“The youth of today are the leaders of tomorrow,” Nelson Mandela said. They deserve the highest quality education we can provide them. I’m urging not just Montezuma County but the state of Colorado to support Amendment 73. It will help all Colorado schools and students, preschool through 12th grade.
Colorado’s school finance system is broken. Currently, Colorado ranks 48th in per-pupil spending. That is $2,800 less on each student than the national average. Colorado also ranks dead last in the nation on providing a competitive teacher wage.
With the combination of the Gallagher Amendment and TABOR, for nearly 30 years, school districts have been receiving less and less revenue from property taxes. And against popular belief, school districts do not receive marijuana money to fund our schools. It is time for the state of Colorado to start taking responsibility for the decades of funding shortfalls.
School funding is a statewide problem, not just a Montezuma-Cortez RE-1 problem. Over the years, 120 out of 178 Colorado school districts (including our surrounding districts) have been forced to go to their constituents and pass county mill levies to help bridge the financial gap from the shortfall.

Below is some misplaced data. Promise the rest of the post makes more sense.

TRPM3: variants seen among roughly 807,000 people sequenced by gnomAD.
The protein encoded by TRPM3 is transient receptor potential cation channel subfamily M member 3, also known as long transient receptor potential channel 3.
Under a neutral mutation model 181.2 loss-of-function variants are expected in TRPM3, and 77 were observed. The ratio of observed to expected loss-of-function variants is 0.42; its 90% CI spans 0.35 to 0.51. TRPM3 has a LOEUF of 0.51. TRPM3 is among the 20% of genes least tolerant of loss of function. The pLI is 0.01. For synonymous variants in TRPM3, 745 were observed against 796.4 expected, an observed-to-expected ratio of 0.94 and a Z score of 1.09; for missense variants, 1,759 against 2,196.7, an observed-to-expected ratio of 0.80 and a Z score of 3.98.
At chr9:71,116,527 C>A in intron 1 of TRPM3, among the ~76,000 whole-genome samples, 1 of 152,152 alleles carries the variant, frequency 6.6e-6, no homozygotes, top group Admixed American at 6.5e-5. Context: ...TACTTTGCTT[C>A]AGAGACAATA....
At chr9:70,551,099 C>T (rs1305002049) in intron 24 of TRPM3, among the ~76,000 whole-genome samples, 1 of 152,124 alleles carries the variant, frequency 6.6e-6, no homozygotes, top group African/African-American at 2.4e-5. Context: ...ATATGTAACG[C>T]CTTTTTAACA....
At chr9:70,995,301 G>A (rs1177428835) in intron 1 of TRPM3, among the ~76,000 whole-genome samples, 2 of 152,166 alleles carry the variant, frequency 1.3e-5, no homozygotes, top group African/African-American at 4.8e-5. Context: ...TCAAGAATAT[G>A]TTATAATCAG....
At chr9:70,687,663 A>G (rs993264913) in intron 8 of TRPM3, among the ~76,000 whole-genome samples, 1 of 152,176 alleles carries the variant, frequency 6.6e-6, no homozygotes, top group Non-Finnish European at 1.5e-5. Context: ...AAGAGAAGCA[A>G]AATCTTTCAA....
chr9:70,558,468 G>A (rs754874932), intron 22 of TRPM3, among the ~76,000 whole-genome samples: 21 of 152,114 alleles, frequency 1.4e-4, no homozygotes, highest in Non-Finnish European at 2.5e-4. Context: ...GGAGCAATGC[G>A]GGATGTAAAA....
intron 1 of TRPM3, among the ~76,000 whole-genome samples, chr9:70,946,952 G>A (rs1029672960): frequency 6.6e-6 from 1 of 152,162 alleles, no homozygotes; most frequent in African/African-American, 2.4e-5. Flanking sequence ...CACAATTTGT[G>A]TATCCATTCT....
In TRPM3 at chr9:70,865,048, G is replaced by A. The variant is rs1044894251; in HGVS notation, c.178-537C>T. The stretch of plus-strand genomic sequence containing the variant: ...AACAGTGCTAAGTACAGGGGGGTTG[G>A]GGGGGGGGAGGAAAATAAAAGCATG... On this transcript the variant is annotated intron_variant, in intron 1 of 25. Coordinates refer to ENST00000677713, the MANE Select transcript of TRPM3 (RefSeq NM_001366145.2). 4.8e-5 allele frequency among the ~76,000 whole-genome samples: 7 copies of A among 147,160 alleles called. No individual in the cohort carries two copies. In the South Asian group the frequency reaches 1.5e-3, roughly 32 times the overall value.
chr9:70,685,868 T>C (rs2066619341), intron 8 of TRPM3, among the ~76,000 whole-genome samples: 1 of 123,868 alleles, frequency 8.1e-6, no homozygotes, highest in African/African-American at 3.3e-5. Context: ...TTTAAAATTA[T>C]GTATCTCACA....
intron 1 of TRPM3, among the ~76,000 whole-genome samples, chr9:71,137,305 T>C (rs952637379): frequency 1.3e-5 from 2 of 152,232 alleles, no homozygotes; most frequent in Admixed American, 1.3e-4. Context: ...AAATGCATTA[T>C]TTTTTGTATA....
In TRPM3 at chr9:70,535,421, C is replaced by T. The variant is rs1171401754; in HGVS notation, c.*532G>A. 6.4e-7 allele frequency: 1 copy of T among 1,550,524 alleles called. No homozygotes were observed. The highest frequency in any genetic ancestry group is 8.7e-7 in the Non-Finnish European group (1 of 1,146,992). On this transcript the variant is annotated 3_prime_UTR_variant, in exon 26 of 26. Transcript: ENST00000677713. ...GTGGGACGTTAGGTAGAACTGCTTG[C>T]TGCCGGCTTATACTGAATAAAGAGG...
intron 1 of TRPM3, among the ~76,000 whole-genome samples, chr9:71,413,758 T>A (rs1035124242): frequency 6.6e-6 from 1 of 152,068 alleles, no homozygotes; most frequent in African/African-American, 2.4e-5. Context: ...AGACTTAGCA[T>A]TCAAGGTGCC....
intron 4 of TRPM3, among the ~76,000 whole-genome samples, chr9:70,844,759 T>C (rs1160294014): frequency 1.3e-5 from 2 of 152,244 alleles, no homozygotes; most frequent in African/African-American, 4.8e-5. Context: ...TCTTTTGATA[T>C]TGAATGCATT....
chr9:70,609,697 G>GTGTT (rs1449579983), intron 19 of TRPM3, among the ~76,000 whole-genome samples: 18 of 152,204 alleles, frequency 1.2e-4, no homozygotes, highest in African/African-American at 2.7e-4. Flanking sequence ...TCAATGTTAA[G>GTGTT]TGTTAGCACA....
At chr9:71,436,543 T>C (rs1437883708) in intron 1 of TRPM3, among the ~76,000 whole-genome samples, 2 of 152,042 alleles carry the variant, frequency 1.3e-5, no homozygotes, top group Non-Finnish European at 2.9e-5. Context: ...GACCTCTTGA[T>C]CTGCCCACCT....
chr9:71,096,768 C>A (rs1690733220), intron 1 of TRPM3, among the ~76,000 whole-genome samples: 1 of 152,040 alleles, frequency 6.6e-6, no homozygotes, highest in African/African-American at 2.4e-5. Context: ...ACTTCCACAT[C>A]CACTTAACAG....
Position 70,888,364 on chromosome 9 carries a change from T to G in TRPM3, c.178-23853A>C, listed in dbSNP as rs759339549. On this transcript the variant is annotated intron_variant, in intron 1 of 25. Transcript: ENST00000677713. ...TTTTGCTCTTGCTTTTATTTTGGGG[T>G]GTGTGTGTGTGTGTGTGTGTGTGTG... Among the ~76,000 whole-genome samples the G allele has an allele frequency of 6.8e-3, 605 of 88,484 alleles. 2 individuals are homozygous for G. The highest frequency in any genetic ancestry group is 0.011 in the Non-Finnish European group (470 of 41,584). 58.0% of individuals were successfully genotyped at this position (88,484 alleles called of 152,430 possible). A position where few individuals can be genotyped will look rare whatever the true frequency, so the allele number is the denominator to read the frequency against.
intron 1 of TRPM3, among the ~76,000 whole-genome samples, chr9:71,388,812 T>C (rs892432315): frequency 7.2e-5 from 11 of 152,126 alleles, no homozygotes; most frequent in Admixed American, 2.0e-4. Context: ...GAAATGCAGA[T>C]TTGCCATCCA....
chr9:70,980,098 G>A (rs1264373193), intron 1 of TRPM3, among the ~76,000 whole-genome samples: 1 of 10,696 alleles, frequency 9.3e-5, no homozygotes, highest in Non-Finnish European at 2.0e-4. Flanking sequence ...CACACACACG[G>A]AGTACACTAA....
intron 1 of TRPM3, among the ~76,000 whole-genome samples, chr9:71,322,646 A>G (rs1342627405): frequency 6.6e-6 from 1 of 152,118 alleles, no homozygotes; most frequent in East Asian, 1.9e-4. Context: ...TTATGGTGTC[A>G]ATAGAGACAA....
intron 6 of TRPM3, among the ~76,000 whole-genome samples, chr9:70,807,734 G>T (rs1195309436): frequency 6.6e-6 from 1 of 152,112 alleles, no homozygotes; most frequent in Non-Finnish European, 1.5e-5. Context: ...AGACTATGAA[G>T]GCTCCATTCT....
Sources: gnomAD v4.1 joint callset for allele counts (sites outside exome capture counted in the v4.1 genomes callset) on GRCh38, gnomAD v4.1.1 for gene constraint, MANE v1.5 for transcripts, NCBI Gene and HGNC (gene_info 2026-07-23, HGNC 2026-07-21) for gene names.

If 73 passes, our Montezuma-Cortez RE-1 school district would receive approximately $4.4 million. Unlike mill levies, 73 will decrease property taxes for farmers and ranchers and business property owners. Income tax would increase only for filers making over $150,000. In Montezuma County, that only accounts for 1 percent of our population. In Colorado, 92 percent of filers will have no impact on their income tax. The corporate income tax rate would increase from 4.63 to 6 percent.
Also, if 73 passes, it will not reduce the revenue for fire districts. It would only modify assessment rates applicable to property taxes levied by school districts.
Now is our chance, Colorado, to hold the state accountable for years of shortfalls to our rural struggling districts.
Kara Suckla, Montezuma-Cortez School Board